March 29, 2024 - How to Overcome a Self-Destructive Lifestyle - Pastor Paul Vallee

March 29, 2024 - How to Overcome a Self-Destructive Lifestyle - Pastor Paul Vallee
Living Stones Church, Red Deer, Alberta
March 29, 2024 - How to Overcome a Self-Destructive Lifestyle - Pastor Paul Vallee

Apr 01 2024 | 00:36:22

Episode 13 April 01, 2024 00:36:22

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Good Friday

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Episode Transcript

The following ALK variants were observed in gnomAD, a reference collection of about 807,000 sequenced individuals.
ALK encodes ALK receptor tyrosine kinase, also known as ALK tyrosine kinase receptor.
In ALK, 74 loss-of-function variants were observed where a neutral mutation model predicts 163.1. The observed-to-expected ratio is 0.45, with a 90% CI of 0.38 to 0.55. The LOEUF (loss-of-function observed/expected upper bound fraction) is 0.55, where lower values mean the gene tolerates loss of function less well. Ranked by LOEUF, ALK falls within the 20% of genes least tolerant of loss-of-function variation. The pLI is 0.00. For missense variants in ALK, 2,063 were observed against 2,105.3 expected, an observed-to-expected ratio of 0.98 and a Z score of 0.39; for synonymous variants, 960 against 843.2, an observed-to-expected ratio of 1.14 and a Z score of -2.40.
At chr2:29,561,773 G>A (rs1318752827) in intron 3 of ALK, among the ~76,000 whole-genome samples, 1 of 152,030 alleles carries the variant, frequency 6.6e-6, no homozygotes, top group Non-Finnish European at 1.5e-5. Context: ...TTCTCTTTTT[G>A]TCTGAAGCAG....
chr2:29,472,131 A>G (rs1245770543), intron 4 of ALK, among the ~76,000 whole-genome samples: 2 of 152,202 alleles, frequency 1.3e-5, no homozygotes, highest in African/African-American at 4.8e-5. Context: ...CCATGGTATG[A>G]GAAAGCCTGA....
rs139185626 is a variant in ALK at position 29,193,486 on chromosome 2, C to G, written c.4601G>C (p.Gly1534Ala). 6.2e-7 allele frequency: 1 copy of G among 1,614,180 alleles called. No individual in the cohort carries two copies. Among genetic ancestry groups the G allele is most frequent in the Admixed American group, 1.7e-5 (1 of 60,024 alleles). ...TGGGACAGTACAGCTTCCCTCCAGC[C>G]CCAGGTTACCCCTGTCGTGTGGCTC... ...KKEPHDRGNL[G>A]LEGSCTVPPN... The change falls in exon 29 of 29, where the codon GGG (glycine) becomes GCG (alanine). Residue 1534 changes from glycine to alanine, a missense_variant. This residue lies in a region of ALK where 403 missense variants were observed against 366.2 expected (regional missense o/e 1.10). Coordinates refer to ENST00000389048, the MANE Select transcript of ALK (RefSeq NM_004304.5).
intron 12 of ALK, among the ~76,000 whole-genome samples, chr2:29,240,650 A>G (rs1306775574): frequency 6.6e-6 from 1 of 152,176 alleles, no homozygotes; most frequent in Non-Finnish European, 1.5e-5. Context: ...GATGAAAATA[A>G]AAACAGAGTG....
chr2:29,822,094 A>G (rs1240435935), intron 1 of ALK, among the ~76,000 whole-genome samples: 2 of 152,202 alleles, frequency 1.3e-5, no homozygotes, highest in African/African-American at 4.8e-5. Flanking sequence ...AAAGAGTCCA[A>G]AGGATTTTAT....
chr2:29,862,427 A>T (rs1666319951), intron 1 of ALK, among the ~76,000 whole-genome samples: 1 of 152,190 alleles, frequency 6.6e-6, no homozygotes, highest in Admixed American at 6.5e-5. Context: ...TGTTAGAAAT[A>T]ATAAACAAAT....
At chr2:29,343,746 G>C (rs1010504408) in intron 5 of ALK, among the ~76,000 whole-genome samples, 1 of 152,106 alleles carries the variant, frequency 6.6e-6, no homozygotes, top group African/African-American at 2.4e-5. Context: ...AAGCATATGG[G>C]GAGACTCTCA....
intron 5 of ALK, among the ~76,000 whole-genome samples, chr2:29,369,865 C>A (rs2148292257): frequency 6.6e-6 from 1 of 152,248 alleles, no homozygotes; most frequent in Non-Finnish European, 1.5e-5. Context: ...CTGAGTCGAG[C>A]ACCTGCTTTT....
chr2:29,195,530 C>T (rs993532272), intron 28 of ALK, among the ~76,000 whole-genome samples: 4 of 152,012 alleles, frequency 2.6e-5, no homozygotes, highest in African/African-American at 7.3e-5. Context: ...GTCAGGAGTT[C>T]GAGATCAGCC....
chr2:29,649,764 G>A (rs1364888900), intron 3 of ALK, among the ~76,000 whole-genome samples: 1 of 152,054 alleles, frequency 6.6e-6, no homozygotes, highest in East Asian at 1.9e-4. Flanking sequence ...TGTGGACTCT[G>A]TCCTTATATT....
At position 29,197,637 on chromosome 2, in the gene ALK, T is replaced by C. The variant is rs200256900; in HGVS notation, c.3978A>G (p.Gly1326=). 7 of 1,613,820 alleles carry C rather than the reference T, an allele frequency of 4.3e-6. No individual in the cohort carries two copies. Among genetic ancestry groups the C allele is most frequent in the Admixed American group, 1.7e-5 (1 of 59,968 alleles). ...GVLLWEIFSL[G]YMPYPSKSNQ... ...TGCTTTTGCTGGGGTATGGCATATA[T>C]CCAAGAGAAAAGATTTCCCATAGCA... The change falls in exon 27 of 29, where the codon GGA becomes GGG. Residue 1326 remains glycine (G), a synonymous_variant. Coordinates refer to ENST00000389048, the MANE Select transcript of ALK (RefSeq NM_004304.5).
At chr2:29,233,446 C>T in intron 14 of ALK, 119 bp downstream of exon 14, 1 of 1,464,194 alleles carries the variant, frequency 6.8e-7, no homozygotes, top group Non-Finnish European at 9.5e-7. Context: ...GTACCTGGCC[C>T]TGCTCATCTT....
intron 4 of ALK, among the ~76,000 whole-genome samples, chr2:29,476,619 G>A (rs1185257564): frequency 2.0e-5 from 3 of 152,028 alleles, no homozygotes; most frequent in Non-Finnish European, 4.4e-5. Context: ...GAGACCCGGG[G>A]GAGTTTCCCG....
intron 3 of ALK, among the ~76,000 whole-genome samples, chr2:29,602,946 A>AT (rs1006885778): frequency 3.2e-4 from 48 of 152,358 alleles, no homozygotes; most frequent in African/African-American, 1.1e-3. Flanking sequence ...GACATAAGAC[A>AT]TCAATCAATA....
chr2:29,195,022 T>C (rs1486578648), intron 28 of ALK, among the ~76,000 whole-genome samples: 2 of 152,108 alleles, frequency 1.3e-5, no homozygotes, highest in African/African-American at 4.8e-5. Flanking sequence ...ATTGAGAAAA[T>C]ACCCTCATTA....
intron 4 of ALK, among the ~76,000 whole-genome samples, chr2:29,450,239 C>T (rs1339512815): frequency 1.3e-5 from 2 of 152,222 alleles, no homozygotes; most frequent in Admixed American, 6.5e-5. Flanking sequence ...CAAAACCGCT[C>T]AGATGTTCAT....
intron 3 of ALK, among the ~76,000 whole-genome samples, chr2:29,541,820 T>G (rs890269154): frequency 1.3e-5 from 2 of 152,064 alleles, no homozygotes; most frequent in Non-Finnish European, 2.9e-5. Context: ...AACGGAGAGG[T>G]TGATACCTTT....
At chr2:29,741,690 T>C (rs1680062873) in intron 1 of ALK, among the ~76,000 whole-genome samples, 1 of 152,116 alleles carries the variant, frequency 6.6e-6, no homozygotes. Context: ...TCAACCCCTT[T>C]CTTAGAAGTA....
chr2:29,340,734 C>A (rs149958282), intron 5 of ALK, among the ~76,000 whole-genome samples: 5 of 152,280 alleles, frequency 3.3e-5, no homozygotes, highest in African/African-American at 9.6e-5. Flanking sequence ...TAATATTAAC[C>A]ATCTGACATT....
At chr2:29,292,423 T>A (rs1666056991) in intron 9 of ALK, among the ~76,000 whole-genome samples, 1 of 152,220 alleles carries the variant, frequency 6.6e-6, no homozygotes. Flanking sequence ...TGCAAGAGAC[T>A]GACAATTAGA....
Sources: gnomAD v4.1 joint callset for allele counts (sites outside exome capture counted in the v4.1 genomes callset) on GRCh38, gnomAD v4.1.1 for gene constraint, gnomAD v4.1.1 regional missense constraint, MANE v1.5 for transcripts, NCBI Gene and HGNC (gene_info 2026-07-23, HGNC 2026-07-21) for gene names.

[00:00:03] Speaker A: Just want to welcome you here tonight. Welcome to Livingstone's Good Friday service. How could we say a day like that was good? Well, for Christ, it certainly wasn't. But for everyone who looks to him as their savior, it's the greatest day ever. Because Jesus came and he died in our place. It was a substitutionary death. And when we receive that gift, it changes our lives. And so tonight we have these little emblems that celebrate our covenant with God. Our covenant is based upon what Christ did for us. And on the night in which he was betrayed, Jesus took the bread. He broke it and said, this is my body which is broken for you. Do this in remembrance of me. So when we're going to open these little packets up, you want to just break the top. There's two levels to this. And if you can get past the first part there, little plastic, it opens up. There's a little bit of a wafer there. Let's just pray. This little wafer represents Christ's broken body for us. So, Father, we thank you as we've sung and worshiped and praised and focused on this amazing sacrifice, the giving of your life for us. And now, even as we partake of the sacrifice, Lord, and receive this emblem that represents your body, Lord, I pray tonight that all the benefits of this great salvation would be received. Forgiveness and healing and grace. And we thank you for that. In Jesus name, amen. Let's eat this bread together. Every once in a while you have a hard time with these things. I'm trying to break into this cup. I'll try not to wear it. Oh, okay. Thanks, patty. Appreciate that. There we go. Thank you. In the same way, after supper, he took the cup, said, this is the cup which is my blood, which was shed for you. This is the new covenant. So we have a new agreement with God, a new arrangement with God. You know, the old covenant. God gave us a law, but we were unable to keep it. And so what did he do? He said, I'm going to write my law within you. How does he do that? When we have Christ dwelling within us, then the law of God becomes internalized and it becomes applicable and appropriated in our lives. And so we thank you, Father, for this amazing cup that represents the blood of Jesus that was shed for us. And now, Father, we pray tonight that you would open our hearts to you and that we would receive, Lord, the gift of forgiveness, not only from sin, but also from all of its symptomatic effects, guilt and shame and brokenness and unbelief and doubt and all the things that shatter us. Lord, we pray tonight as we continue to worship you when we hear your word. Father, may your spirit speak into our hearts, and may we experience your divine presence in a very real and powerful way. And we thank you for that. In Jesus name, amen. Let's drink this cup together. If you wouldn't mind just hanging onto these and at the end of the service, if you wouldn't mind just throwing them in the garbage on your way, that would be great. We're going to have you continue stand. We're going to continue just worshiping. [00:04:13] Speaker B: Cast my mind to Calvary where Jesus bled and died for me his wounds, his hands, his feet my savior that. [00:04:36] Speaker C: Cursed me. [00:04:42] Speaker B: His body bound and dressed. [00:04:47] Speaker C: In tears they lay me down in. [00:04:53] Speaker B: Joseph to the ancient sea by heavy. [00:05:00] Speaker C: Stone messiah still and all the. [00:05:12] Speaker B: O. [00:05:13] Speaker C: Praise the name of the light again oh praise his name forever more your praise, o Lord. Lord I got. [00:05:42] Speaker B: The break of dawn. [00:05:48] Speaker C: The son of heaven rose again o terrible death rain o praise the name of the Lord I got o praise his name forever more forever. [00:06:28] Speaker B: We will. [00:06:29] Speaker C: Sing your grace, O Lord. [00:06:45] Speaker B: In robes of weight the blazing sun shall hear the night and I will rise among the things, my gaze transfixed on Jesus space. [00:07:38] Speaker C: O praise the name of the Lord I got. O crazy. Forever, forever we will sing your grace, O Lord all we have forever forever we will be forever God. [00:08:47] Speaker B: What a fabulous God we serve. What a pleasure it is to worship with you tonight, church. I love listening to you sing praise. I love worshiping with you. Amen. Why don't you turn and welcome those around you to church tonight as well? [00:09:08] Speaker C: It. [00:09:54] Speaker A: Amen. Well, that was just great singing, guys. You know what that tells me? Wait till Sunday comes. Amen. That's going to be fun. We might have to phone the insurance company. The roof's coming off, right? It's just great. Oh, you know, it's a day to celebrate. We are going to celebrate. I'm going to have us turn in our bibles tonight to the book of Hebrews. And I'm going to speak. I have a long introduction and three short points, so don't panic. But, you know, I was just so enamored with this illustration, I just could not help myself. And I want to speak tonight a little bit on how to overcome a self destructive lifestyle. And Timothy Keller, in his book, the Reason for God, he shares insight into the basic struggle that each of us have as human beings. And he picks up the story of Robert Louis Stevenson and that strange case of Doctor Jekyll and Mister Hyde. Now, how many know? Doctor Jekyll comes to realize in his life that he is actually a mixture between what's good and what's evil. His bad nature, his sin nature, is actually holding in his mind the nature, his good nature back. And so he believes that he needs to do something to address that so he can follow through on what he believes to be the right kind of a person. And he comes up with a potion that can separate out his two natures. This is all in, you know, this is a fictitious story, but he's bringing out a truth that we actually have two natures. His hope is that his good self, which will come out during the day, will be freed from the influence of evil and will be able to realize good humanitarian goals. However, when he takes the potion one night and his bad side comes out, he's far more evil than he had ever expected. And he writes, I knew myself at the first breath of this new life to be more wicked, tenfold more wicked, sold as a slave to my original evil. And the thought in that moment actually delighted me. And so Edward Hyde, his alter ego. Every act and thought centers upon himself. Edward Hyde is so named not just because he's hideous, but because he's hidden. He thinks solely of his own desires, and he doesn't care in the slightest who he hurts in order to gratify himself. Stevenson is saying that even the best people hide from themselves that which is within the enormous capacity for egotism, self absorption and a regard from their own interest over the interests of others. The focus on self is the foundation of so much misery in our world. It's the reason that the powerful and the rich are often indifferent to the plight of the poor. It's the reason for most of the violence, the crime, the warfare in our world is at the heart of most cases of family disintegration. We hide from ourselves our self centered capacity for acts of evil. But the situation arises that as a potion, it comes out. And once Doctor Jekyll realizes that he has this tremendous capacity for evil, he decides to clamp down heavily on this terrible self centeredness and pride at the core of his being. And in a sense, he gets, quote unquote, religion. He solemnly resolves not to take the potion anymore. And he devotes himself to charity and good works partially as an atonement for what Edward Hyde has done and partially as an effort to simply smother his selfish nature with acts of unselfishness. However, one day, Doctor Jekyll is sitting on a bench in Regent's park thinking of all the good he's been doing and how much a better man he is, despite Edward Hyde, than the great majority of people. And as Stevenson then relates in his novel, I resolved in my future conduct to redeem the past. And I could say with honesty that my resolve was fruitful in some good. You know how earnestly in the last month of the year I labored to relieve suffering. You know how much was done for others. But as I smiled, comparing myself with other men, comparing active goodwill with the lazy cruelty of their neglect, at that very moment that vain glorious thought a qualm came over me a horrible, horrid nausea and the most dreadful shuddering. And I looked down and I was once more Mister Hyde. This was a deadly turn of events. For the first time, Jekyll becomes Hyde involuntarily without the potion. And this is actually the beginning of the end. Unable to control his transformations any longer, he destroys himself. And so Stevenson's insight here is profound. Why would Jekyll become Hyde without the potion? Like so many people, Jekyll knows hes a sinner. So he tries desperately to cover his sin with great piles of good works. And yet his efforts do not actually shrivel his pride and self centeredness. They only aggravate it. They lead him to a sense of superiority, self righteousness and pride. And suddenly Jekyll becomes high, not in spite of his goodness, but because of his endeavor to be good. You see, sin and evil are self centeredness and pride that leads to oppression against others. But there are two forms of it. One form is being very bad in breaking all the rules. And the other form is being very good and keeping all the rules and becoming very self righteous. You see, there are two ways to be your own savior and your own lord. The first is by saying, I'm going to live my life the way I want. And the second is avoiding Jesus by avoiding my sin. It was Flannery O'Connor who writes, if you're avoiding sin and living morally so that God will have to bless and save you this ironically, you may be looking to Jesus as a teacher, model and helper, but not. But you are actually avoiding him as a savior. You see, you are trusting in your own goodness rather than in Jesus for your standing with God. And ironically, you may be looking to him for the wrong thing. It's a rejection, actually, of what the gospel message is actually all about. It's a christianized form of religion and a lot of people practice it. It's possible to avoid Jesus as savior as much as keeping all the biblical rules as by breaking them. You have to remember the story it's told. Luke tells the parable. Remember the prodigal story, prodigal son. He goes out, what does he do? He breaks all the rules. He's living in the far country, far from the father, has no concern about what his father thinks. And meanwhile the older brother is staying home, keeping all the rules. But his heart is as far from the father as the younger son's heart is. And that was finally revealed to him when his brother comes home and asks his father to forgive him. And the father does, runs towards him and forgives him and throws a party for him. And the older brother becomes indignant, wasn't he there all that time? And the father had never thrown a party for him and he was angry, would not join the celebration. You see, he was just as lost to his father keeping the rules, because he actually did not know the father. Both religion, in which you build your own identity on moral achievements, and no religion, in which you build your identity on some other secular pursuit or relationship, or ultimately the same identical course. Both are sin. You see, self salvation through good works is actually, it produces a great deal of moral behavior in your life. But instead you're filled with self righteousness, cruelty and bigotry, and you're miserable. You're always comparing yourself to other people, and you're never sure you're being good enough. You cannot therefore deal with your hiddenness and self absorption through the moral law. By trying to be a good person through an act of your own will. You actually need a complete transformation of the very inner being, your very heart, nature and the devil, if anything, prefers pharisees, men and women who try to save themselves. They're actually more unhappy than either mature christians or irreligious people, and they do a lot more spiritual damage. Later in his book, Keller reminds us that the primary symbol of Christianity has always been the cross. The death of Jesus for our sins is at the very heart of the gospel. It's the good news. Increasingly, however, what the christian church has considered good news is considered by the rest of the culture as bad news. Why would Jesus have to die? That's a question that is often asked. And Keller says, why couldn't God just forgive us? Because someone had to pay the consequences of sin. And sin always produces hurt, sorrow, loss and suffering towards others. Someone has to absorb those consequences. And the good news is that God himself has done for us what you and I could not do for ourselves. He has saved us from our sin and one of the great temptations that people with religious backgrounds often fall into is trying harder to be good, trying to do the right thing in order to be accepted by God and loved by others. But we have to eventually come to the realization that the famous novelist Robert Louis Stevenson reveals in Doctor Jekyll and Mister Hyde that within each heart is a tremendous capacity for sin. And what are we to do about the issue? You see, I believe religion and others will agree, is just a human attempt to please God or to do his will in our own strength. And when we try and obey God, therefore, and think that we are accepted by him rather than the principle of the gospel, which is that we're accepted by God because of what Christ has done for us. When we accept Christ, we accept his sacrifice on our behalf, and then out of that relationship flows obedience. The issue is in life, where are we putting our trust? In the one case, we put our trust in ourselves to be good enough to be accepted by God. And in the other, we know we're not good enough, and therefore we trust God to be accepted by him. So what helps us understand this great sacrifice? You know, I've been thinking a lot about this recently, and I began to realize that, you know, the Old Testament spends a lot of time talking about sacrifices. How many have noticed that if you read through it, you're just amazed. You get to the book of Leviticus, and all you're reading about is this sacrifice and that sacrifice. And I believe if we're going to really grasp it and understand it, we almost need to look at it through the lens of jewish people and go back to the Old Testament and understand the hideous nature of sin and the necessity for sacrifice in our life. And that's why I'm pointing us to the book of Hebrews, because this is actually a sermon preached to jewish believers who felt inferior and didn't understand the superiority of Christ's sacrifice on their behalf. And so I want to do here is just give us briefly in a couple paragraphs each, three simple truths. First of all, the superiority of Christ's sacrifice. Why is Jesus sacrifice for sin better than all of the Old Testament sacrifices? Now, let's take a look at what Hebrews chapter nine tells us in the first verse. It just says here in verse 20, he said, this is the blood of the covenant, which God has commanded you to keep. In the same way, he sprinkled with the blood both the tabernacle and everything used in itself ceremonies. In fact, the law requires that nearly everything be cleansed with blood and without the shedding of blood, there is no forgiveness. You see, the Old Testament sacrifices were actually a shadow of the things that were real. Let me give you a brief overview of the history of Israel. What was God trying to do? Well, first of all, he chose a people. They were caught in slavery, which is a type of sin in our lives. We're in slavery, we're in bondage, we're in addiction, and God chooses to lead us out, just like he chose Moses to lead the people of Israel out of Egypt. Once in the wilderness, they needed to learn the ways and manner of God. And so he revealed himself to them on Mount Sinai, where the law was given, where the tabernacle was built, where the priesthood was established. And all of these things were to teach God's people truths about himself. But now, as we read in the book of Hebrews, they're only a shadow, but not the true substance. And in chapter ten, verse one, it says, the law is only a shadow of the good things that are coming, not the realities themselves. For this reason, it can never, by the same sacrifices, repeated endlessly year after year, make perfect those who draw near to worship. And the writer points out why that is so in the next verse. It was necessary then for the copies of the heavenly things to be purified with these sacrifices. But the heavenly things themselves would have better sacrifice than these. For Christ did not enter a sanctuary made with human hands that was only a copy of the true one. He entered heaven itself now to appear for us in God's presence. Nor did he enter heaven to offer himself again and again the way a high priest enters the most holy place every year with blood that is not his own. Otherwise, Christ would have had to suffer many times since the creation of the world. But now he has appeared once and for all at the end of the age to do away with sin by the sacrifice of himself. And that's why John said, behold the lamb of God who takes away the sin of the world. Jesus came to take away our sin. You know, for most of us, this doesn't seem powerful, or maybe we just don't get it. I don't know. But I think when a jewish person hears this on the day of atonement, where the priest goes in, I want you to think about it. Everything about the Old Testament is teaching us the holiness of God and how God is so other than not like us. I mean, in so many ways, because he's pure and he's holy and he's infinite and he's just. Yes, he's loving but he's all of these things. And everything about the Old Testament was to teach us the inaccessibility of a sinful human being standing in the presence of. Of a holy God. The high priest could only go in once a year on the day of atonement. And then he had to have the shedding of animal blood. And then they would tie a rope around his waist and they put bells on his robe so that they could hear him being alive and they could know that his sacrifice, the sacrifice that was given, was acceptable by God. Because if they heard the bell stop, maybe he was dead, because that's how awesome it is to stand in the presence of this God. And so the people were waiting until he returned. And then they knew that their sins offered had now been accepted. Easter is actually the declaration of the Father accepting Christ as the perfect sin offering. He came back to his disciples alive and was seen by up to 500 people at one time. Now, in light of that picture, listen to what the writer says about Christ acting as high priest, bringing himself as the sacrifice into heaven itself. It says, so Christ was sacrificed once to take away the sins of many people. And he will appear a second time, not to bear sin, but to bring salvation to those who are waiting for him. Donald Guthrie says this. The second coming is said to be for salvation. The second coming is, in fact, the divine seal of a complete acceptance of the sacrifice offered previously. And therefore, the writer points out, the sacrifice of Christ is superior to all of these Old Testament annual reminders, all of these animal sacrifices. For this reason, they can never, by the same sacrifice, repeat it endlessly, year after year, make perfect those who draw near to worship. Otherwise, they would have stopped being offered, for the worshipers would have been cleansed once and for all and would no longer feel guilty for their sins. But those sacrifices are actually an annual reminder of sins, for it is impossible for the blood of bulls and goats to take away sins. I want you to just think about that statement for a minute. For the worshipper would have been cleansed once and for all. Can I explain something to us? That once you and I receive Jesus Christ, you have been cleansed once and for all. I pray that that really sinks in, because that's a very powerful, liberating truth and that our sins have been taken away. You know, there's so many pictures in the Old Testament. You know, the high priest is laying his hand on a goat and confessing the sin of the nation. One goat is killed and the other sent in the wilderness. It's called what the scapegoat. And don't we know that term? We use it in our culture. A scapegoat is someone who takes the blame for others, right? And that's exactly what Jesus says. Jesus is our scapegoat. He took our sins and he removed them from us. As far as the east is from the west, the psalmist declares to us, our sins have been taken away. How powerful is that? But let me move on. The second truth is the surrender of the sacrifice. Here we find another amazing element, the willingness of the sacrifice. How many know these animals weren't willing? They were selected, but they went unwillingly to be slaughtered. But here we read in the book of Hebrews, therefore, when Christ came into the world, he said, sacrifice, an offering you did not desire, but a body you prepared for me with burnt offerings and sin offerings. You were not pleased. Then I said, here I am. It is written about me in the scroll. I have come to do your will, o God. Do you know Jesus knew when he came that he was going to come and die for our sins. Jesus came to be a ransom for us. Jesus came to die for us. And that's what that prayer in Gethsemane is all about. Not my will, but yours be done. Jesus was surrendering to be a sacrifice for you and for me. Well, let me move on to the final truth. Well, let me go back here and just say this about Jesus prayer. Knowing the great price he was paying, Jesus surrendered his will to the father. But let's take a look at the impact of the sacrifice. It's called a sanctifying impact. That word just means that it cleanses us completely. We're set apart to be God's. We are now considered holy. Holy means to be set apart for God's purposes. It says, and by that will, we have been made holy. We have been made holy. I don't feel holy, pastor. No. What it means is, you now belong to God. Is this amazing? When the moment you gave your life to Christ, it means you now belong to God. You are now holy. You are now set apart for God's purposes. It's no longer your life. In a sense, you're identifying with Christ. You're committing yourself to being a follower of Jesus and to doing his will. And let me tell you something. God's will for your life and my life is far greater than our will. It always leads to a better place. It says, by that will we've been made holy through the sacrifice of the body of Jesus Christ once and for all. So what makes us holy. The sacrifice of Jesus. You and I don't make ourselves holy. Christ makes us holy. You know, we have all kinds of crazy ideas about what it means to be holy, but essentially it means that we belong to him and that our lives are set apart. To do his will to be holy means that God I love this, makes us whole. Isn't that beautiful? You see, I believe that most of us are fragmented. We're broken on the inside. And what has to happen is God wants to reintegrate our lives. And when we become reintegrated, that's where we get this word integrity from. It means we're no longer living a life of duplicity. We're no longer double minded. We're no longer trying to do one thing and then the other. There's a sense that we finally surrender to becoming what God wants us to become, and it's very powerful. This speaks of the work of integrating and unifying our lives around a greater purpose than ourselves. I think that's pretty liberating. You know, a lot of people say, I want to find meaning to life. I want to find my purpose in life. I just say it's real simple, you know, surrender your bodies as living sacrifices to God, which is your reasonable act of worship, and then you will start to know God's perfect and goodwill. Isn't that beautiful? I think it's amazing what God wants to do. He wants to reveal this to us. Then he goes on to say, for by one sacrifice, he's made perfect forever those who are being made holy. So first of all, he says, we are holy. But then he says, we are going to be made, being made holy. I'm going to give you another word for holy. Sanctified. Sanctified and holy is the same word. So, you know, the moment I give my life to Jesus, I become justified. That means I now stand in a right relationship with God. But at that same moment, I'm now sanctified. I'm made holy in God's sight. My sins have been freed from me, and God's looking at me through the sacrifice of Christ. And at that point, he's no longer judging me anymore. He's acquitted me. But from this point on, I am now becoming even more holy. If I can say it that way, I'm becoming more like him. I'm becoming other than what I was. I'm becoming more like who God is. And it's a journey that we enter in on for the rest of our christian journey. It says, we're being made holy. The Holy Spirit also testifies to us about this. First he says, this is the covenant I will make with them at that time, says the Lord, I'm going to put my laws in their hearts and I will write it on their minds. What's he telling us? God says, I'm going to internalize this. You know, part of the problem when you're instructing people, a lot of, you know, christian instruction is just external. A lot of people memorize things. A lot of people can recite things. A lot of people have an intellectual understanding of things, but that's not what changes us. What God wants to do is internalize this by bringing his presence into our lives. And as you and I submit to him, it becomes internalized. And you and I begin to apply these things, and they become lived out in our lives. God's word becomes flesh, just like Jesus is the word of God become flesh. That's exactly the process that he wants to have happen in our lives, that God's spirit and word becomes flesh within us. It's a very powerful thing. Christ now starts living within us. You know, I love how Paul says it in Galatians 220. I'm crucified with Christ. Nevertheless, I live, yet not I, but Christ lives in me and the life which I now live. I live by the faith in the son of God who loved me and gave himself for me. We can resist this work of God's spirit in our lives, or we can submit and yield to it. God not only directs us to do what's good and right, but now he empowers us to do it. How many know? It's one thing to say I want to do the right thing, but I'm not able to. It's another thing to say I want to do the right thing. And because I'm surrendering to you, I'm now empowered to do it. And that's what it's all about. So let's stand tonight as we close, we're going to have our musicians come back. Let me just remind us, okay, what is this about, pastor? A supreme surrendered and sanctified sacrifice? It's only when we are free from serving ourselves this is going to really blow your minds. It's only when we are free from serving ourselves that we're actually free. We're actually free. We're free to become the person God first designed and created you to be. And everyone in this room, you have. You know, God designed everyone in this room. He put certain gifts in our lives. Every life should look different. There's not one person the same. And as you and I yield to Christ, God's life now is going to be manifested through your life differently than anybody else on this planet. That's a beautiful thing. But you and I should be becoming more and more like him. And how does that happen? Surrender. Surrender to him. Amen. Amen. So let's pray. Father, we want to thank you tonight. We're so grateful for good Friday because it's good for us. We know for you, it was a very challenging day where you gave up your life, but you did it willingly. Motivated out of love. Motivated to repair the breach that we had with you. Because sin always separates us from you, Father, and also from others. We thank you, Lord, that you're the one that took our sin away. That upon that cross, Lord, not only did you die, but when we identify with you, we die with you on that cross. And it addresses our sin. And not that we don't have a sin nature in us, but there's now a new nature, God's nature, living within us, a greater nature that's powerful enough for us to say no to sin and yes to you. And we thank you for that, Lord. And I just pray tonight that these songs that we've sung and the words that we've heard, Lord, will stay within our hearts, Lord, and that you will speak into our lives and challenge us to surrender our lives to you and experience life that was designed for us to be lived. And we thank you for that. In Jesus name, amen. Amen. God bless you as you leave tonight.